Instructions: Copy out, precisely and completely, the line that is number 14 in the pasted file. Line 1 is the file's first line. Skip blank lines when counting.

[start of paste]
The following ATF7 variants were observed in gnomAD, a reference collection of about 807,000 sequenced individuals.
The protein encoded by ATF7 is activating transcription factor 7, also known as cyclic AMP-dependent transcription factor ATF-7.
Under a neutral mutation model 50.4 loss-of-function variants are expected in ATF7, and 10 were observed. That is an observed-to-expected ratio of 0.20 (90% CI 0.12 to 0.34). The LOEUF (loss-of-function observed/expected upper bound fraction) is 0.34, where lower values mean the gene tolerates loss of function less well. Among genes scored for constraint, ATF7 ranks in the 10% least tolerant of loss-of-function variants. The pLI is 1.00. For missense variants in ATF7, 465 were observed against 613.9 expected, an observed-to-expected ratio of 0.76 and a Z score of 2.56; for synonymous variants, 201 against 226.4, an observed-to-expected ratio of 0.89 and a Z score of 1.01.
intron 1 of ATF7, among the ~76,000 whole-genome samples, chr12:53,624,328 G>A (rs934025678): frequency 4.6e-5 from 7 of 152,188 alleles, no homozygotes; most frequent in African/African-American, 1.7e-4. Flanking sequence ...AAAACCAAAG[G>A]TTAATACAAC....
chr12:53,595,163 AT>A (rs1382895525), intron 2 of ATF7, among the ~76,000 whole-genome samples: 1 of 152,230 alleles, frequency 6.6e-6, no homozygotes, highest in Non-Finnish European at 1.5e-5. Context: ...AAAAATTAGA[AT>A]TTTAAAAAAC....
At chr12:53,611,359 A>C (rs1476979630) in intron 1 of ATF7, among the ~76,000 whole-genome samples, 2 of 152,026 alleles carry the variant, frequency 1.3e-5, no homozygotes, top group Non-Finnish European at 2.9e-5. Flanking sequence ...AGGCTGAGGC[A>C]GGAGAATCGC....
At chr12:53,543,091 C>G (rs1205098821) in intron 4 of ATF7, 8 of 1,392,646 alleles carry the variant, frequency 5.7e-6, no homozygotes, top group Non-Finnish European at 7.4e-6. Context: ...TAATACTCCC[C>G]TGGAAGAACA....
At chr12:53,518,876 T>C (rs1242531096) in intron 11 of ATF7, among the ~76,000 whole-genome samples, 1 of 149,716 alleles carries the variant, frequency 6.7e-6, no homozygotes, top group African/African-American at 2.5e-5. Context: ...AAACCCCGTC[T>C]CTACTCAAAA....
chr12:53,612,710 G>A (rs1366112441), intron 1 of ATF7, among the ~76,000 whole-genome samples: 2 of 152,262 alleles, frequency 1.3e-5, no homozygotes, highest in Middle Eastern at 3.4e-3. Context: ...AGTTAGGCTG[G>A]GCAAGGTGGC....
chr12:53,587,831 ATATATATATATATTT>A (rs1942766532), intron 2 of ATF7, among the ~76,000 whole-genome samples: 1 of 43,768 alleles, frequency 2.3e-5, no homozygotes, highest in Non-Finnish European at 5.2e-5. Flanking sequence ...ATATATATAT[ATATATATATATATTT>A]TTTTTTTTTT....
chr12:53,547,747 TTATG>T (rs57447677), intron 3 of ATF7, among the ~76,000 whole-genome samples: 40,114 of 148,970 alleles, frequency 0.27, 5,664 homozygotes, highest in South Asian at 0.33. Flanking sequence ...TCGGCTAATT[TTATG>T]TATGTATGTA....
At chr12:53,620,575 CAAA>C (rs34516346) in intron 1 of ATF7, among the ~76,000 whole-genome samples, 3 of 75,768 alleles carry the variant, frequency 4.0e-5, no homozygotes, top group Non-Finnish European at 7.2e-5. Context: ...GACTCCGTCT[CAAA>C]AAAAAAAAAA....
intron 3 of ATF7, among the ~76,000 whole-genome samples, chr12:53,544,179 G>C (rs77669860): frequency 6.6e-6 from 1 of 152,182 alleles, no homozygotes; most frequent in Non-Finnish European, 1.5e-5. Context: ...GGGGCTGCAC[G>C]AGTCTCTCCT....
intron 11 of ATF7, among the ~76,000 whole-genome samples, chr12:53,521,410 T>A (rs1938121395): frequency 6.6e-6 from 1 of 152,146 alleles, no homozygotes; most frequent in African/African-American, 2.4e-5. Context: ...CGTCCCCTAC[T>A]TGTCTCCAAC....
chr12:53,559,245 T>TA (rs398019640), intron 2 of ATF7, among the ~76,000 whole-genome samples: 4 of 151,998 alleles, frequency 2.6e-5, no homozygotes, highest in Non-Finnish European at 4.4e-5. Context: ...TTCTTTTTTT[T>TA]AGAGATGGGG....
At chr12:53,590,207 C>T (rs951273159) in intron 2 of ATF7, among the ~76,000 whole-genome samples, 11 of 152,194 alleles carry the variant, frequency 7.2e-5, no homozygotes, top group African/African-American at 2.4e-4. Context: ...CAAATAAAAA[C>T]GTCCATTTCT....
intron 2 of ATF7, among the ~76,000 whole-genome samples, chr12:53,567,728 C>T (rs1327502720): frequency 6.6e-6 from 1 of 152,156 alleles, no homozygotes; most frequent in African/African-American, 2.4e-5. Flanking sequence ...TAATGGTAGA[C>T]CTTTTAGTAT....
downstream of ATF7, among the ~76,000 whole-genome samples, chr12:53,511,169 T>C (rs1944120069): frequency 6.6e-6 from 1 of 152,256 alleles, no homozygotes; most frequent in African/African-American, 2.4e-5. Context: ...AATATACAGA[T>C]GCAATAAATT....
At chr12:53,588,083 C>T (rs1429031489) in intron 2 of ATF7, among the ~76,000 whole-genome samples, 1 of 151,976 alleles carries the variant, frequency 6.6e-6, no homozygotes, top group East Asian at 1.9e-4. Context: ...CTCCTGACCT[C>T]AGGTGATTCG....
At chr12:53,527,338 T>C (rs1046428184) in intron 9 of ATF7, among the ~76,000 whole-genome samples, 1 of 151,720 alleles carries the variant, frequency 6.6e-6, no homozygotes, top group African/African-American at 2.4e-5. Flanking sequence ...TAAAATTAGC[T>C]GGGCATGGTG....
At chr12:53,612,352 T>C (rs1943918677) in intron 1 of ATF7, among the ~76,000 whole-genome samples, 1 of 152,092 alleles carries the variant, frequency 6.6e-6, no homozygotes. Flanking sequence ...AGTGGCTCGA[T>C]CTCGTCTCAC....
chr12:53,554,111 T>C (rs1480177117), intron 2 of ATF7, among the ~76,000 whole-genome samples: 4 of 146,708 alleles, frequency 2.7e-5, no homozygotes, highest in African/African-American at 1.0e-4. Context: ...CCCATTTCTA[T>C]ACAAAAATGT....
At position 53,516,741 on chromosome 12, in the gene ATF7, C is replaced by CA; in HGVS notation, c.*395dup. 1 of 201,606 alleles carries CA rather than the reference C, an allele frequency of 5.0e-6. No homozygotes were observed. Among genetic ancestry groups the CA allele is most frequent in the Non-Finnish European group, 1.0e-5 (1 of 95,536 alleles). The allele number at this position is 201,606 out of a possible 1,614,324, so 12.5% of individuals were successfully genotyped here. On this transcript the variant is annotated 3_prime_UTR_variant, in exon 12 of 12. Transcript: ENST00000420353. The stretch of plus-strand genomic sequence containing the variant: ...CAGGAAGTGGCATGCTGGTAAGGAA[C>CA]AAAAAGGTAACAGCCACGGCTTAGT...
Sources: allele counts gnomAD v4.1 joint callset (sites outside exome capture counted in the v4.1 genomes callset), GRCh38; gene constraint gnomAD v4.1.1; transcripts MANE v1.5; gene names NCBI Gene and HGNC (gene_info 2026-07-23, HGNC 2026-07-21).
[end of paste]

intron 11 of ATF7, among the ~76,000 whole-genome samples, chr12:53,521,410 T>A (rs1938121395): frequency 6.6e-6 from 1 of 152,146 alleles, no homozygotes; most frequent in African/African-American, 2.4e-5. Context: ...CGTCCCCTAC[T>A]TGTCTCCAAC....